They have moved beyond the sacred gate and struck out,
for us and themselves into the world beyond the plough,
beyond the hound’s bodies and broken spears.

The Evenstar rises and sets in a mythic world of their own design,
for us they have moved beyond the days of our feeble hopes
and into the twilight, to leave behind fame, glory, wrath and ruin.

What say you?

What golden notions have stirred you heroes heart?
For sword and sandals have been placed in your safe keeping,
A father’s gift that pulls you forward,
To a destiny now hidden from all our eyes.

From where did you come and into what bright future will you travel?
Like flowers we turn our eyes to whatever bright sun is offered.
We raise our hands into the Olympian mists with prayer.

What cool distant evening will find you awash and beached
amongst the Isles of the Fair?

What then, will you return to us?

The heroes journey reaches out and weaves
a Thassian fabric as old as storied time,
to shape the very world beyond words and lips,
into ears beyond hearing.

As they strike out, we strike out with them,
for us they have ranged out beyond the guarded gate
and our grasp, to wander and wonder forever
into the dreams of mere men.

Sleepless pathfinders whose trackless course will never be forgotten,
by the sons of Adam and the daughters of Eve.
The hero beyond the silver fire,
the hero beyond ourselves.

Episode 21: Theseus

Theseus cycle of deeds: centre, Minotaur; around, clockwise from top, Kerkyon, Prokrustes, Skiron, bull, Sinis, sow. Attic red-figured kylix, ca. 440-430 BC. From Vulci. Kodros Painter. Image source: Wiki Commons.

It’s been a wait for episode 21, we know, but we think it will be worth it! This episode is a very special joint project between us here at MythTake and our friends Aven and Mark at The Endless Knot Podcast.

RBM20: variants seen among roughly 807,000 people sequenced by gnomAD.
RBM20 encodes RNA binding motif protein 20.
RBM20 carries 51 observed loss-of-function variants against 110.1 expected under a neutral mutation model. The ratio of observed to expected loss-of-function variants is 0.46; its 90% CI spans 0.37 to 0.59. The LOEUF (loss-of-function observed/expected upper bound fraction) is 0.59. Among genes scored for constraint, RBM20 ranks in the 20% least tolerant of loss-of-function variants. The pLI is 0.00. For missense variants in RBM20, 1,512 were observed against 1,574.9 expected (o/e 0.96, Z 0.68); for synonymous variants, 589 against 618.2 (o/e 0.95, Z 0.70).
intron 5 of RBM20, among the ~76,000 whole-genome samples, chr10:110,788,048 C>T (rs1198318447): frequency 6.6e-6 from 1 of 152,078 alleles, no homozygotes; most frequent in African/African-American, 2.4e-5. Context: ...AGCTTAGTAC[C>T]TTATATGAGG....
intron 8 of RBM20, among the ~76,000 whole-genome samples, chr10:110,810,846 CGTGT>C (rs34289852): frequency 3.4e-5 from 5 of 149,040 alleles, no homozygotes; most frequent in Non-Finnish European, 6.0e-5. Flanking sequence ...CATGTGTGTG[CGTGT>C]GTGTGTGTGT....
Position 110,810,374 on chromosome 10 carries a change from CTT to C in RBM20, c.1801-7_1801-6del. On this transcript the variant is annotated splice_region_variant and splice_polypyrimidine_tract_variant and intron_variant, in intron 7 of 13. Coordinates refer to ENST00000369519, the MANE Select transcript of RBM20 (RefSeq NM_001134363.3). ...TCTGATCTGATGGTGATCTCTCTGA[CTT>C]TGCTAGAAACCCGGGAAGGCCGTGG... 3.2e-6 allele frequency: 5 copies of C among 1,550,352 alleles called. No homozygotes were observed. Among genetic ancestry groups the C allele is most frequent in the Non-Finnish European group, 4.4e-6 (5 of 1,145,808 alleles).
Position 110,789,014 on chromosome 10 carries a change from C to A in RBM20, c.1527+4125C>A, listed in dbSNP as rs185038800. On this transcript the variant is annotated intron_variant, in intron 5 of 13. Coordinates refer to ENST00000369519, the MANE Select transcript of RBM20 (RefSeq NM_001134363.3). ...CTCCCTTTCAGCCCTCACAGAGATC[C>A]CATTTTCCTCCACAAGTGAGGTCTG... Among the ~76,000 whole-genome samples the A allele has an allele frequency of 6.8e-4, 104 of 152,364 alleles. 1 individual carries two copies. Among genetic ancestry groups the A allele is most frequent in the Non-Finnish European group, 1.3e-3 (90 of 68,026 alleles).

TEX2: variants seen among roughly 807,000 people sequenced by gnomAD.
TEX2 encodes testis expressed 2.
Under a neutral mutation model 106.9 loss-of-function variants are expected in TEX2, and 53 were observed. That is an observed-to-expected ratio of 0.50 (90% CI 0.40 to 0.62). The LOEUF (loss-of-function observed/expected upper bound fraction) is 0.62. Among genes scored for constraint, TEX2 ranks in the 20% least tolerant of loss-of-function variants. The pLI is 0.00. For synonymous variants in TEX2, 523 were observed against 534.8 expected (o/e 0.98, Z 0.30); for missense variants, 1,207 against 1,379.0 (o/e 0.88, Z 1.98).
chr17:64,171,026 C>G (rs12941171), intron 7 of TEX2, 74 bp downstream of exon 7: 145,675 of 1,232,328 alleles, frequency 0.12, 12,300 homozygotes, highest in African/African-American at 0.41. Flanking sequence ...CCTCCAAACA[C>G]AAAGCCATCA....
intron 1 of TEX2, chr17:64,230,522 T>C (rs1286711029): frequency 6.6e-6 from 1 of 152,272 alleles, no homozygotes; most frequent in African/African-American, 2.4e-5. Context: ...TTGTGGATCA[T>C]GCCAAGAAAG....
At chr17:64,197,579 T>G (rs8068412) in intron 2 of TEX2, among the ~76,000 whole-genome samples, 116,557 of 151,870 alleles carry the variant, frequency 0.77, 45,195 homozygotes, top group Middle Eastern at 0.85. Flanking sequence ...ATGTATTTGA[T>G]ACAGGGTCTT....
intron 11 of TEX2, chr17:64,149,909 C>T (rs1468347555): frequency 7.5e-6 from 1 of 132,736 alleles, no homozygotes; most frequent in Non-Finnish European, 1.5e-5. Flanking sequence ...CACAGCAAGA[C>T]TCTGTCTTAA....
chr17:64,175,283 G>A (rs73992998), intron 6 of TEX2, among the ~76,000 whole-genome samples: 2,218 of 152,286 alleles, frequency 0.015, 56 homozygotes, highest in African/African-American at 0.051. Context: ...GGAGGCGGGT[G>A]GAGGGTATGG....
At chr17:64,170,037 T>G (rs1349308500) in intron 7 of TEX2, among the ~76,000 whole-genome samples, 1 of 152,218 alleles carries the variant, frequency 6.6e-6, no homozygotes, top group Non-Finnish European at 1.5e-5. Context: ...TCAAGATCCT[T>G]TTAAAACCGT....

If you’re already subscribing to The Endless Knot (and really, you should be!), you’ll know that our areas of interest often intersect and overlap. We’ve had many conversations with Mark and Aven over the last year, and finally decided to do a joint podcast–with a twist. To get the whole episode, you’ll have to listen to both our podcasts!

As usual, we examine the primary sources for Greek mythology. This episode is all about the Athenian hero Theseus, most famous for the slaying the Minotaur. We take a look at two dithyrambs by Bacchilydes that tell part of the Theseus story. Then, Aven and Mark tackle some of the etymology that comes out of this myth over on their podcast. So, once you’ve listened to our episode, make sure you catch theirs!

Don’t miss the rest of the show at here at The Endless Knot or subscribe via iTunes, GooglePlay or the podcatcher of your choice!

Listen to Episode 21 on PodBean

Download this episode (right click and save)

Possible source of the labyrinth myth? Minoan palace floor plan. Knossos, Crete. Image source: Wiki Commons.

Source Passages

Bacchylides. “The Coming of Theseus: A Dithyramb”

Bacchylides. “Theseus and the Ring: A Dithyramb”

Translation Sources

Greek Lyric Poetry. Translated by Richmond Lattimore. University of Chicago. 1960.

Further Reading

Jeremy B. Rutter. “Neopalatial Minoa and Its Influence in the Aegean and Eastern mediterranean Worlds.” Brewminate: A Bold Blend of News & Ideas. 8 March 2017.


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This week’s theme music: “Super Hero” by King Louie’s Missing Monuments from the album “Live at WFMU” (2011). Used under Creative Commons license. Music used under Creative Commons license and available from Free Music Archive.